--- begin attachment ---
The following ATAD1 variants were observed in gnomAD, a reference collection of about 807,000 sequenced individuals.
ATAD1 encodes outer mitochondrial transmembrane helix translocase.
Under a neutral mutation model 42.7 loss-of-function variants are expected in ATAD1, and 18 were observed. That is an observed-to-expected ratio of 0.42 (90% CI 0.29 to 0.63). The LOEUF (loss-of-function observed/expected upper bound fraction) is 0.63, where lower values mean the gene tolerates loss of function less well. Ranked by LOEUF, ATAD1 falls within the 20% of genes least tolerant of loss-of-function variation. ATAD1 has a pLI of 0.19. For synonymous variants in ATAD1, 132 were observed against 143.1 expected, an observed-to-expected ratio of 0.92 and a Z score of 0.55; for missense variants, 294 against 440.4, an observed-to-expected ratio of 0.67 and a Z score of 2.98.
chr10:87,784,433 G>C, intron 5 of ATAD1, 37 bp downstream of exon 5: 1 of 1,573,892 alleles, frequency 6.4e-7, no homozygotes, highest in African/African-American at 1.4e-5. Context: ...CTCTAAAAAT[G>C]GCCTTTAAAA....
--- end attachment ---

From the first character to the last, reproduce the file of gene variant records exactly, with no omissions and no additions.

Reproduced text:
The following ATAD1 variants were observed in gnomAD, a reference collection of about 807,000 sequenced individuals.
ATAD1 encodes outer mitochondrial transmembrane helix translocase.
Under a neutral mutation model 42.7 loss-of-function variants are expected in ATAD1, and 18 were observed. That is an observed-to-expected ratio of 0.42 (90% CI 0.29 to 0.63). The LOEUF (loss-of-function observed/expected upper bound fraction) is 0.63, where lower values mean the gene tolerates loss of function less well. Ranked by LOEUF, ATAD1 falls within the 20% of genes least tolerant of loss-of-function variation. ATAD1 has a pLI of 0.19. For synonymous variants in ATAD1, 132 were observed against 143.1 expected, an observed-to-expected ratio of 0.92 and a Z score of 0.55; for missense variants, 294 against 440.4, an observed-to-expected ratio of 0.67 and a Z score of 2.98.
chr10:87,784,433 G>C, intron 5 of ATAD1, 37 bp downstream of exon 5: 1 of 1,573,892 alleles, frequency 6.4e-7, no homozygotes, highest in African/African-American at 1.4e-5. Context: ...CTCTAAAAAT[G>C]GCCTTTAAAA....